Car Rail Removal
 
 
This article appeared in the City of Dayton Annual Report for 1942, pages 44-45
 
Car Rail Removal
by
Fred C. Scharrer
Senior Engineeer
 
     Due to the urgent need for scrap steel for the successful prosecution of the war, the City of Dayton, in conjunction with the scrap metal drive, started a program of removing car rails from streets on which street cars had been replaced by trackless trolley coaches.
     The work is being done by WPA labor, supervised by the City Engineering Division. The car rail removal projects are certified by the War Department, thus enabling the WPA workers to get in six days of work per week. This is done to speed up the work and get the steel as quickly as possible. The materials for repaving are furnished partly by the City and partly by the WPA.
     The rails are carefully removed, disturbing as little as possible of the old paving. If the old paving is to be covered by asphalt later, the trench formed by the removal of the rails is filled with concrete. Where the shoulders of the brick paving are in good condition, the old bricks between the car tracks are removed and after the rails are taken up, new or reclaimed bricks are used to replace the paving, and in some instances asphalt is used.
      The rails, which are disposed of through a broker selected by the Federal Government, are divided into three classes:
  1. Scrap rails used by foundries and steel mills.
  2. Re-rolling rails used to make reinforcing steel.
  3. Re-laying rails used for constructing tracks in other locations.
The rails found in the worst condition are taken mostly by local concerns, although
some were shipped to Hamilton, Ohio. The next best rails are classed as re-rolls and are shipped out of Dayton to steel mills. The best rails are used for re-lays by the Government in various places throughout the country. A large part of the rails from North Main Street, Keowee Street, and East First Street were taken to Patterson Field. The Federal Government sends the City of Dayton allocations for the different classes of rails, the amounts needed and where to ship.
     The following is a list of the [p. 44] streets from which car rails have been removed, together with the amounts of the different classes:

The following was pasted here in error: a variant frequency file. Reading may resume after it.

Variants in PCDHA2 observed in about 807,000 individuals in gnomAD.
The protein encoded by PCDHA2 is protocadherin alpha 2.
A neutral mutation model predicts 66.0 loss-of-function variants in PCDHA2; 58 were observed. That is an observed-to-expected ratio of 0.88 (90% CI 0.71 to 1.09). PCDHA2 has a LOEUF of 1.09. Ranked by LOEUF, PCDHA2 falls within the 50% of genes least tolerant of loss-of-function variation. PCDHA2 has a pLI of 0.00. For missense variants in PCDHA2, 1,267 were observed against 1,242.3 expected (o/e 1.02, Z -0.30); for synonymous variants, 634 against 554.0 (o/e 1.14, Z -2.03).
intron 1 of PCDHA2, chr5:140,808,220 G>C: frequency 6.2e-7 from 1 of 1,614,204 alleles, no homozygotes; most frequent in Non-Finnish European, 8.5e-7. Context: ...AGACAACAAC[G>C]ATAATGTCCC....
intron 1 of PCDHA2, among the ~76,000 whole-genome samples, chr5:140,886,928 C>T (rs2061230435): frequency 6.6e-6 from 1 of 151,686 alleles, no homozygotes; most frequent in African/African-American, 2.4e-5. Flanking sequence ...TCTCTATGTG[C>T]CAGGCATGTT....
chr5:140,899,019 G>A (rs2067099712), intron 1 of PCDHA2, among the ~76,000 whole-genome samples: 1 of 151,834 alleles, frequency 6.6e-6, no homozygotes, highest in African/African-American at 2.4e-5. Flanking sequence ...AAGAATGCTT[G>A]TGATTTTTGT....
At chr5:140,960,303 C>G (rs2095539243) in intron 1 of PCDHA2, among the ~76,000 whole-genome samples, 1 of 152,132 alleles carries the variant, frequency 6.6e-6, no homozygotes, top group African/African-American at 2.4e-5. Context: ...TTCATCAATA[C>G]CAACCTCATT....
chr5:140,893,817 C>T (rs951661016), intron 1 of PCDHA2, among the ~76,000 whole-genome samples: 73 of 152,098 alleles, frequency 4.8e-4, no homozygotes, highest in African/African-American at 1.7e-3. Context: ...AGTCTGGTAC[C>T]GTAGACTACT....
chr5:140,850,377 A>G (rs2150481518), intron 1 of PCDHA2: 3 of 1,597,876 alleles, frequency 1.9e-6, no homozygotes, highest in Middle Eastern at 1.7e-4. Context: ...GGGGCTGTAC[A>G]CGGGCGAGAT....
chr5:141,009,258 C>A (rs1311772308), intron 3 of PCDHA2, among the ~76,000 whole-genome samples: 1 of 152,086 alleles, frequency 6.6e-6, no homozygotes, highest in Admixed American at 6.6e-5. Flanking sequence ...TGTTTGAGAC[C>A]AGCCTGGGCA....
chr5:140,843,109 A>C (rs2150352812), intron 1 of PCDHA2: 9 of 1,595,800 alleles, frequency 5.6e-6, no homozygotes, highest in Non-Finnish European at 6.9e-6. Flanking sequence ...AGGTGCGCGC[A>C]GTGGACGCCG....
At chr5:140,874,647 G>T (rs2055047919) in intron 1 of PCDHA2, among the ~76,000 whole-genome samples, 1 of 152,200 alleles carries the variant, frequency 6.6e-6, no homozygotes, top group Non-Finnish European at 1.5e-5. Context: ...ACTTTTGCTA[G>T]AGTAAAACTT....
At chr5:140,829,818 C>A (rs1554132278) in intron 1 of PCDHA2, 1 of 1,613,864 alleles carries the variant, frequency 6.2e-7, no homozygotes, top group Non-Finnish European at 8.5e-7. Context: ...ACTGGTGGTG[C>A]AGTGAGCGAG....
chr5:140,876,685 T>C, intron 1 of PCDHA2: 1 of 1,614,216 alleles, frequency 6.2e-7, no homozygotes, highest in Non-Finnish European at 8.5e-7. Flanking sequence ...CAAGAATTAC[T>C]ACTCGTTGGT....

North Main Street from Locust Street to Mary Avenue, 135 tons o scrap rails.
     North Main Street from Miami River bridge to Locust Street, 184 tons of re-laying rials.
     North Main Street from Beechwood to Corporation Line, 38 tons of scrap and 106 tons of re-rolling rails.
     Arbor Avenue from Wayne Avenue to Wyoming Street and Wyoming Street from Arbor Avenue to Phillips Avenue, 20 tons of scrap and 84 tons of re-rolling rails.
     Apple Street from Main Street to Patterson Boulevard, 5 tons of scrap and 23 rtons of re-rolling rails.
     Valley Street from Ohio Street to Keowee Street and Keowee Street from Ohio Street to First Street, 58 tons of scrap, 81 tons of relaying, and 36 tons of re-rolling rails.
     East First Street from St. Clair to Keowee Street, 21 tons of scrap, 30 tons of re-rolling and 110 tons of re-laying rails and 71 tons of rails to be classified later.
     Miami Chapel Road from Cincinnati Street to Brockton Street, 8 tons of scrap, 10 tons of re-rolling rails, and 23 tons not classified.
     Cincinnati Street from Miami Chapel Road to Bolander Avenue, 47 tons or re-rolling rails.
     Grand total of rails removed, 1090 tons.
     Car rail removal on Wayne Avenue from Fifth Street to Anderson Street has just been started. Bolander Avenue from Cincinnati Street to a point 320 feet west of Campbell Street and Washington Street from Miami River bridge to Cincinnati Street are included in a project already started. There are also several projects contemplated for the near future, such as Lexington Avenue from Broadway to Rosedale Drive and Wyoming Street from Main Street to Wayne Avenue.